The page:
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-   -   Founders Breakfast Stout clone, one week past bottling (http://www.homebrewtalk.com/f36/founders-breakfast-stout-clone-one-week-past-bottling-366936/)

germanywx 11-11-2012 11:27 AM

Founders Breakfast Stout clone, one week past bottling
 
Hello fellow home brewers!
After last winter's disappointing autumn in my kitchen -- I was wanting a lot of malt, but for one reason or another kept falling short -- I dove into the deep end this year. I started out brewing a Scotch Ale in mid-September, and I opened the first bottle mid-October. As soon as I opened the first of those bottles, I sampled a bottle of Founders Breakfast Stout and fell head over heels in love like I did with another dark-haired brunette when I was a teenager. I love beer -- it was beer. I love coffee -- it tasted strong of coffee. I love chocolate -- it had that, too. It was so malty, it make my tongue sticky. Plus, it had enough punch to keep me warm on a chilly Appalachian night.
So, I came home and did a quick Google search, finding BYO's clone recipe HERE. Looking it over, I knew of some changes I wanted to make. First off, I trust my local HBSS very much and told him if he needed to make any malt substitutions to just do it. He had to make one or two, which ones I can't recall. But he made several mentions at how much grain this was for a five-gallon batch. So much that I had to use two grain bags. I *almost* needed a third bag just for the flaked oats.
Next, I substituted the bittersweet chocolate with 100% unsweetened baker's chocolate. Why? Because I added a pound of lactose to this batch. I wanted this to resemble more of a creamy mocha stout than just a black coffee stout.
Lastly, because I mostly try to use what I've got, I used 100% Starbucks Pike's Place medium roast coffee instead of two different types of coffee. Whatever. I don't know if it really made that much of a difference.

The beer has been in the bottles for a week now, and last night I couldn't help myself and opened one up. It's got the most lovely khaki brown head on it, and it smells so strong of coffee that you can smell it across the room. Will this intensity go down once it has aged for a while? It completely overpowers the chocolate at this point.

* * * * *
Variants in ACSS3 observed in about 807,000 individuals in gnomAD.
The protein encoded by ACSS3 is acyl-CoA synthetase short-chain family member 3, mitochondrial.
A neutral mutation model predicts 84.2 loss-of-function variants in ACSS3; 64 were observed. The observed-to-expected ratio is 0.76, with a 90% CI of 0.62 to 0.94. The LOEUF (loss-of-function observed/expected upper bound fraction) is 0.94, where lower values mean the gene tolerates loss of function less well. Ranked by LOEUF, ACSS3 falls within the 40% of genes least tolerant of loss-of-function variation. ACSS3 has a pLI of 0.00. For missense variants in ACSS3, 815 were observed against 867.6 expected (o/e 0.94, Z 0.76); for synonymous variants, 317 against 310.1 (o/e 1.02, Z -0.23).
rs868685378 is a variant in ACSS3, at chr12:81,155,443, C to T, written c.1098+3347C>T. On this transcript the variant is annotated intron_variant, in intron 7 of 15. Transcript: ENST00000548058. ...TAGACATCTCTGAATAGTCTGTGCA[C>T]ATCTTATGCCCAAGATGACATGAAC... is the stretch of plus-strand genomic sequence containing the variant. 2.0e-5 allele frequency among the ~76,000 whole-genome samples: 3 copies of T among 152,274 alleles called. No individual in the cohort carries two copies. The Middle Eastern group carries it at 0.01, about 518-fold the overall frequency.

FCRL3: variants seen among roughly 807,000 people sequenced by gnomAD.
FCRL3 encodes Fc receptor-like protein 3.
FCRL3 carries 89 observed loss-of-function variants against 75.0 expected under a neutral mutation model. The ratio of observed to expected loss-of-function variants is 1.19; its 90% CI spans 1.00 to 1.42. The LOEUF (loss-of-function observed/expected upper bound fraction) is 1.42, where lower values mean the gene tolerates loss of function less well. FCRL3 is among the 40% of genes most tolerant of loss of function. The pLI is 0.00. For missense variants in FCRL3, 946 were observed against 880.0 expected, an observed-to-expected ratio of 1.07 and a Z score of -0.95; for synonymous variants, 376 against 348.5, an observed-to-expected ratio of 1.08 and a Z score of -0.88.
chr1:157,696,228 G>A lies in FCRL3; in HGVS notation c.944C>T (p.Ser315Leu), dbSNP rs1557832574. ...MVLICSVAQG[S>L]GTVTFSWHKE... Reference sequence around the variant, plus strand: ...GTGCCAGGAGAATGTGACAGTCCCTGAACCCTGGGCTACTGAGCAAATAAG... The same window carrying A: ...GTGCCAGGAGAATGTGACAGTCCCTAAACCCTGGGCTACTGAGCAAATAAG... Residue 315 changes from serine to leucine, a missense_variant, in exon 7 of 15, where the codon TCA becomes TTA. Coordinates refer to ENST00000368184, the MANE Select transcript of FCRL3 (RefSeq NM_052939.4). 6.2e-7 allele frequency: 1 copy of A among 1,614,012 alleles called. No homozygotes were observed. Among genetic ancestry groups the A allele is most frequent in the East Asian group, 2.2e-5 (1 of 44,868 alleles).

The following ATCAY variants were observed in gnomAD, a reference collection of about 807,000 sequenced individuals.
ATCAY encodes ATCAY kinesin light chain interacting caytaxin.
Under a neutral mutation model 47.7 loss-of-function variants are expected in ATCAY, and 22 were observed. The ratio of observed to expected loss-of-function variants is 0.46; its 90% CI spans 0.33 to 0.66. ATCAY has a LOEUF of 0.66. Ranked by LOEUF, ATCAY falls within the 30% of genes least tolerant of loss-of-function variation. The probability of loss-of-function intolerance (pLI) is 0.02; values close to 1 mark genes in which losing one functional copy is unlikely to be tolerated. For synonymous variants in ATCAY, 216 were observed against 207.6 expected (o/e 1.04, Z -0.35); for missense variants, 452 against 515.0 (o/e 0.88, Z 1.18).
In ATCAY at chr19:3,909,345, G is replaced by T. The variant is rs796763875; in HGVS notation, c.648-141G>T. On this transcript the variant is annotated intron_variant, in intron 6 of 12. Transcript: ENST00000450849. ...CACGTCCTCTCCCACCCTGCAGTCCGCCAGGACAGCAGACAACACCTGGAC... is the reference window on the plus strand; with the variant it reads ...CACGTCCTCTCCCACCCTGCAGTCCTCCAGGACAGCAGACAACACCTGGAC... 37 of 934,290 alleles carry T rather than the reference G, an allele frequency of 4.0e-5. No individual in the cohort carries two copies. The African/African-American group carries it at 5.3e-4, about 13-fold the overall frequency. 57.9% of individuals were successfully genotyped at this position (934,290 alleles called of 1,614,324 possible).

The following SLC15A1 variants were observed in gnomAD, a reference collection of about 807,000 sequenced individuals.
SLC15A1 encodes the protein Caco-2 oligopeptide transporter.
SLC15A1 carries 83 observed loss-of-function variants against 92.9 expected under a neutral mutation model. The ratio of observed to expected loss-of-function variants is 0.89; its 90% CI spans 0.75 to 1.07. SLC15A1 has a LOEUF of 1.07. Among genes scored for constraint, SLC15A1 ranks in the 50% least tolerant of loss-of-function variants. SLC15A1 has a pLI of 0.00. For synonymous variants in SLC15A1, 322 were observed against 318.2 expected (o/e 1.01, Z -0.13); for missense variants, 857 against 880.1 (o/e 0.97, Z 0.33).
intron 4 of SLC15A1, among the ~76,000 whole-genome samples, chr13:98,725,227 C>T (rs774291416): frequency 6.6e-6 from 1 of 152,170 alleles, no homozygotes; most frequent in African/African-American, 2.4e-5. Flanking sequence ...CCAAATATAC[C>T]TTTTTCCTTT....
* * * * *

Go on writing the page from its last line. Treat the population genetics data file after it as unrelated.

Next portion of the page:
Another question... This is my first time brewing with lactose. How does it affect your gravity readings? I started out with 1.066 and ended with 1.025. It should have been lower than that after 10 days in a primary and 10 days in a secondary. I was expecting it to finish at 1.017 or so. I mean, I understand why having lactose would cause the overall gravity readings to be higher, but shouldn't it still have ended up lower?

I'm still counting this as another successful brew, even if the coffee flavor doesn't die down. It's delicious -- even after only a week. I highly recommend it, though the ingredient list is a little pricey.

grimstuff 11-13-2012 05:34 PM

Check out this thread: http://www.homebrewtalk.com/f68/founders-breakfast-stout-clone-139078/

One thing that looked a bit off is your OG. However, I've never used lactose before, so I can't really offer any advice. In any case, my OG was 1.086 and I bottled at 1.025. Since I mashed at a relatively high 155 F, this was expected.

Docgineer 11-16-2012 03:50 AM

1) The coffee will die down with time, that is a beer that needs at least 6 weeks or more in a bottle to reach its prime.

2) Between all the roasted malts and the lactose that's a pretty reasonable gravity, a milk stout finishes out at 1.020-1.022 usually.

SpeedYellow 11-16-2012 02:53 PM

Like Doc said, the coffee will mellow a lot, but it needs several weeks.

You'll still have a very strong coffee beer though. I would personally find that level of coffee undrinkable, especially if you followed the BYO method of just dumping the coffee in, instead of steeping it for only a few minutes. Just my 2c.

germanywx 11-17-2012 11:18 AM

The biggest pain was bottling. The grains kept stopping up my bottling tube.

I've opened three bottles so far, and the coffee is mellowing slowly. I'm still not tasting as much chocolate as I would have hoped. I'll post pictures of a pour soon...

SpeedYellow 11-17-2012 02:17 PM

Quote:

Originally Posted by germanywx
The biggest pain was bottling. The grains kept stopping up my bottling tube...

another great reason to just steep the coffee for a few minutes. I honestly can't understand why BYO would suggest simply tossing the grinds into the beer. There's no need for extra contact time, like with hops, and seems more likely to extract bad flavors with extended time. And coffee is cheap enough that if you want more flavor, just use a little more instead of extending the contact time. It's just bad advice.

germanywx 11-18-2012 11:56 AM

I love the opportunity to learn new things when brewing up something. This was the first time that I've used ingredients this far outside of the Reinheitsgebot guidelines. Other than a little citrus rind here and there, I like sticking to the basics of what beer should be. So, to brew up something that was so far outside of my realm of experience and preference was an interesting undertaking. I enjoyed the brewing process... it was just not my normal undertaking. With more "pure" beers, I have a pretty good routine in getting them made and bottled and have become quite efficient. Everything in this brew seemed to take much longer and was more complicated. Perhaps Reinheitsgebot is just as much about efficiency as it is purity.


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